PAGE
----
/** reg.easttimor: 2468.0 **/

** Topic: E.Timor is first time UN civilian police not backed up by armed forc **
** Written 2:29 PM Sep 2, 1999 by Joyo@aol.com in cdp:reg.easttimor **
Subject: E.Timor is first time UN civilian police not backed up by armed force

Australian Broadcasting Corp. PM News Thursday, September 2, 1999 6:27 p.m.

For the first time in the history of UN operations, civilian police are working without the backup of an armed peace keeping force.

Aussie cops

MARK COLVIN: Meanwhile tonight a senior Indonesian Government Minister has admitted it may be necessary to consider sending UN peace keepers to East Timor. The Justice Minister, Muladi, says it is Indonesia's responsibility to sort out the problem itself without help from abroad but, he says, a UN peace keeping force is an alternative that may be considered.

The Indonesian Government's been holding talks with the UN today in Jakarta and a proposal has been taken back to UN headquarters in New York. If there were a chance that Indonesia might allow a UN peace keeping force into East Timor it would come as welcome news for the Australian police working there. At the moment they're putting their lives on the line to protect civilians from militia attacks, and they're doing it unarmed.

Petria Wallace reports on the stories of police bravery emerging from East Timor.

PETRIA WALLACE: The escalation of violence in East Timor comes as no surprise to the 50 Australian police officers there. They had hoped for peace, but expected bloodshed during this week's uneasy wait for the ballot to be counted. Yesterday pro-Jakarta militiamen chased their targets to the very doorstop of the United Nations compound in Dili. It was Australian officers who hauled two British journalists through the door to safety, and then found themselves face to face with machete-waving militiamen.

The Australian officer's only weapon was an oustretched hand and a cool head. For the first time in the history of UN operations, civilian police are working without the backup of an armed peace keeping force.

Assistant Commissioner Mick Kelty is in charge of overseas operations for the Australian Federal Police. He's in daily contact with Dili and says he's heard many stories of his officers putting their life on the line to protect local UN workers.

MICK KELTY: On ballot day where two of our people attempted to render first aid to another UN officer who had been stabbed, a local engaged person, on Monday night and in fact took that UN person into their home where he later died from the injuries and were rashly surrounded by militia for almost 36 hours, awaiting help to get out of the situation in which they were in.

PETRIA WALLACE: But Mick Kelty stresses Australian police don't feel they are a target. It's locals the militias are after.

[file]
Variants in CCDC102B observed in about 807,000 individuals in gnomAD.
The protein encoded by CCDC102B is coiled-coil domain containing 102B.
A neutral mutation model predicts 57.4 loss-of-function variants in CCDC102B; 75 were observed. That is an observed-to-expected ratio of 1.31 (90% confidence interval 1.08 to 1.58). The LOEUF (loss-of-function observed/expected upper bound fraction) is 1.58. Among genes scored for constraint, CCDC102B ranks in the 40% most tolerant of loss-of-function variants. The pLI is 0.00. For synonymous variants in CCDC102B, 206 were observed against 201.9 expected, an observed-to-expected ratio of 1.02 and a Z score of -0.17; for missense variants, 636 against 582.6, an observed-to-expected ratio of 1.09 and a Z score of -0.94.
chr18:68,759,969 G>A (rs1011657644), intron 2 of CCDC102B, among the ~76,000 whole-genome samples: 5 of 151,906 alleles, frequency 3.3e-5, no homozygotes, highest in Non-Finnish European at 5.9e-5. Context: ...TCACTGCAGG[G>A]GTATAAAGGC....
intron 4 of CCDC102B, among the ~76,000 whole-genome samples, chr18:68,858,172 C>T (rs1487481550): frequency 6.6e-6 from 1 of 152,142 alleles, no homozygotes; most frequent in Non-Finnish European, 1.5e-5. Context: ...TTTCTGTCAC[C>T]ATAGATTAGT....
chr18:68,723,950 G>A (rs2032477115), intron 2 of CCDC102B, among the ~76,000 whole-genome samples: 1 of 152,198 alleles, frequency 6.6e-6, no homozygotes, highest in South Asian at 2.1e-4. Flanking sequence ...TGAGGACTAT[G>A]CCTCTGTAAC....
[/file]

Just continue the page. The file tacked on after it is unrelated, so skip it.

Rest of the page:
MICK KELTY: It is tense and it is difficult, but they're there and they're handling it very well. We don't know what tomorrow will bring. There have been peaks and troughs in the activity of the militias and other groups over there since day one.

PETRIA WALLACE: The Australian police officers in East Timor are due to come home soon to be replaced by a new contingent.

MICK KELTY: The second 50 finish their training tomorrow. They'll be deployed to Darwin starting from Monday next week and they'll go over and rotate with the people already in East Timor.

PETRIA WALLACE: The AFP has also approached State police forces in the hope they'll offer volunteers to boost numbers in East Timor if required by the UN. All States have agreed to do so with the exception of Queensland. Its Police Minister, Tom Barton, has knocked back the offer to get involved saying his officers have enough to do at home.

TOM BARTON: One of the concerns, of course, is that they would be unarmed while they're there. They would be in a police ... in a peace keeping role in a very volatile situation that's seen deaths in recent days and I believe that while Australia has a role to play there, it's a foreign affairs matter, it's a Federal Government matter, and personally I'd prefer to see the Australian Military used in a peace keeping role, not police.

PETRIA WALLACE: Tom Barton's other concern is that no-one knows how long Australian police will be in East Timor. The UN contingent is meant to pull out in December this year, but the AFP's Mick Kelty admits his officers are likely to be there for much longer.

MICK KELTY: I would not like to hazard a guess because I quite clearly ... we've been in Cyprus for 35 years.

PETRIA WALLACE: So it could be years?

MICK KELTY: It could be years. Yeah.

MARK COLVIN: Mick Kelty, Assistant Commissioner of the Australian Federal Police, with Petria Wallace.

** End of text from cdp:reg.easttimor **